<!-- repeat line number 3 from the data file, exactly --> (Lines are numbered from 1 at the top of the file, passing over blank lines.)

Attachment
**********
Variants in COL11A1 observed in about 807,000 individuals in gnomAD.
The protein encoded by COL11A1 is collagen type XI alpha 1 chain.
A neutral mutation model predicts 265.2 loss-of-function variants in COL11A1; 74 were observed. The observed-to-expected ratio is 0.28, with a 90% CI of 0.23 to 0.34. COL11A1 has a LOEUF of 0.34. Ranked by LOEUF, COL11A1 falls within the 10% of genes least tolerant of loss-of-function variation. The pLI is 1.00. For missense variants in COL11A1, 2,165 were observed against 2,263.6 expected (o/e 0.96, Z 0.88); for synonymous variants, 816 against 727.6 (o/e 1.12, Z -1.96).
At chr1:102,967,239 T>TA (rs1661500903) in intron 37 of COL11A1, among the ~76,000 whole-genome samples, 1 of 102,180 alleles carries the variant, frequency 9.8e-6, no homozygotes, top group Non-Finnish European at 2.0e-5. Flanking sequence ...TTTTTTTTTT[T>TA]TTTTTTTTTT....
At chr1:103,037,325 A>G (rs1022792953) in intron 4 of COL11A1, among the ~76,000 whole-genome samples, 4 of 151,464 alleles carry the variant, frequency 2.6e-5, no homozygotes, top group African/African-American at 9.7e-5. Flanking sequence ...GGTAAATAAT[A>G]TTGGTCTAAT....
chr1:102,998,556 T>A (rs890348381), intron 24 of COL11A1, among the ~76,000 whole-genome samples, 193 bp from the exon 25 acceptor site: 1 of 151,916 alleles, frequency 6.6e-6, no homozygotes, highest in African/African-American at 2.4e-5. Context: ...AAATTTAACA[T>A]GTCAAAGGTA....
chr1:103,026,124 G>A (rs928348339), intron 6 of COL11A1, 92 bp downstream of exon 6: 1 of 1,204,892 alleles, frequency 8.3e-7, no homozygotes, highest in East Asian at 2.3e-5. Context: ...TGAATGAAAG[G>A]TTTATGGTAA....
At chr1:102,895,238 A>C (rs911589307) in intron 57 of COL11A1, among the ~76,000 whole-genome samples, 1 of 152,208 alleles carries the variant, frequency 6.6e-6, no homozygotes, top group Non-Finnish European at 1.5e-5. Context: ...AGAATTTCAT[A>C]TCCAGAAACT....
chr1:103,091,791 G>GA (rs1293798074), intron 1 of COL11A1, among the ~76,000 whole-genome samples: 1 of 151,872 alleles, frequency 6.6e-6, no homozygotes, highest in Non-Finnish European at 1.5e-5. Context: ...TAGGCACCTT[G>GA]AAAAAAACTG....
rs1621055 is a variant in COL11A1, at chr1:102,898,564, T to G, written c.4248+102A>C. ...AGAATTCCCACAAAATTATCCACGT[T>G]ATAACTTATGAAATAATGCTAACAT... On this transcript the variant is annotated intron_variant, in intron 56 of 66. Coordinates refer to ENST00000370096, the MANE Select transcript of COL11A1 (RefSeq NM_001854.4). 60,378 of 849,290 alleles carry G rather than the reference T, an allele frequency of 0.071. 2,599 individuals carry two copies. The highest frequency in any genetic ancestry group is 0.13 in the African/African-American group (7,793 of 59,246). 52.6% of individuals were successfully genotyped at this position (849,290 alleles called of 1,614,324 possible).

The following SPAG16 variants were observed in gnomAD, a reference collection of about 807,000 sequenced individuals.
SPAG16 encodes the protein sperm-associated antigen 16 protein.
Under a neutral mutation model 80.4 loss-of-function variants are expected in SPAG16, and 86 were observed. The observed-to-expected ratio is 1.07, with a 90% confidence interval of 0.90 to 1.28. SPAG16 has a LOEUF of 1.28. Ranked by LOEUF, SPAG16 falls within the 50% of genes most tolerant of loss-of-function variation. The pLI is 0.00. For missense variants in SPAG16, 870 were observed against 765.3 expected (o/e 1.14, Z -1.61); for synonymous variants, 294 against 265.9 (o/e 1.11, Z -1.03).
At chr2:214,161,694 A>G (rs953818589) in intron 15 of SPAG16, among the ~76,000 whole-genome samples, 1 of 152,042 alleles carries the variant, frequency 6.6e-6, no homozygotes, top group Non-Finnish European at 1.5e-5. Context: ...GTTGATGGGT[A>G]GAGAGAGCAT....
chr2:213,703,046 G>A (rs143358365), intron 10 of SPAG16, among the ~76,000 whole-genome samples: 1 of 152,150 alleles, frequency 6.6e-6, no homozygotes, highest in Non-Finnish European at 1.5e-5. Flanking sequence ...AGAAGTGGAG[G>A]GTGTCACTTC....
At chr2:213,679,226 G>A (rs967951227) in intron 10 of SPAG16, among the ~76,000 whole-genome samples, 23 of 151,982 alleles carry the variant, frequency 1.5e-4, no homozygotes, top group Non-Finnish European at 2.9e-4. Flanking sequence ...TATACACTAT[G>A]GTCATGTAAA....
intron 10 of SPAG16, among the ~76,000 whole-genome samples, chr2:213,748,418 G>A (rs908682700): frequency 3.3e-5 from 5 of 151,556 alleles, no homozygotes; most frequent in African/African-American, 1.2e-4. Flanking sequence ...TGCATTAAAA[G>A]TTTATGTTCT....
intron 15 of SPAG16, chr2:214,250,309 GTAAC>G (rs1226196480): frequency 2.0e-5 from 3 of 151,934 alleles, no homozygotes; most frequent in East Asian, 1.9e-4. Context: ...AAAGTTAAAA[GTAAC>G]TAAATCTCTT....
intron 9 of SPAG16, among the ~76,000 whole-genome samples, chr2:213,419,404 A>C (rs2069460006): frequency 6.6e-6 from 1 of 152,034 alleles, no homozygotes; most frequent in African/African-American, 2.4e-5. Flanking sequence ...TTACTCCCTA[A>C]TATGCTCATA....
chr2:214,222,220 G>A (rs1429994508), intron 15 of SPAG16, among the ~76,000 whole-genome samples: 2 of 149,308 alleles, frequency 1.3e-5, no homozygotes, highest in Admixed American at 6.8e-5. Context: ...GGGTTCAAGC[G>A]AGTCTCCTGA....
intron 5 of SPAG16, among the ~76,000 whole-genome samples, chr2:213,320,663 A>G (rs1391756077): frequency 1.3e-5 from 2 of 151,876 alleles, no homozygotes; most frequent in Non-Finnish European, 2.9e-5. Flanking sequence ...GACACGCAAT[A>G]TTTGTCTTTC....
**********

A neutral mutation model predicts 265.2 loss-of-function variants in COL11A1; 74 were observed. The observed-to-expected ratio is 0.28, with a 90% CI of 0.23 to 0.34. COL11A1 has a LOEUF of 0.34. Ranked by LOEUF, COL11A1 falls within the 10% of genes least tolerant of loss-of-function variation. The pLI is 1.00. For missense variants in COL11A1, 2,165 were observed against 2,263.6 expected (o/e 0.96, Z 0.88); for synonymous variants, 816 against 727.6 (o/e 1.12, Z -1.96).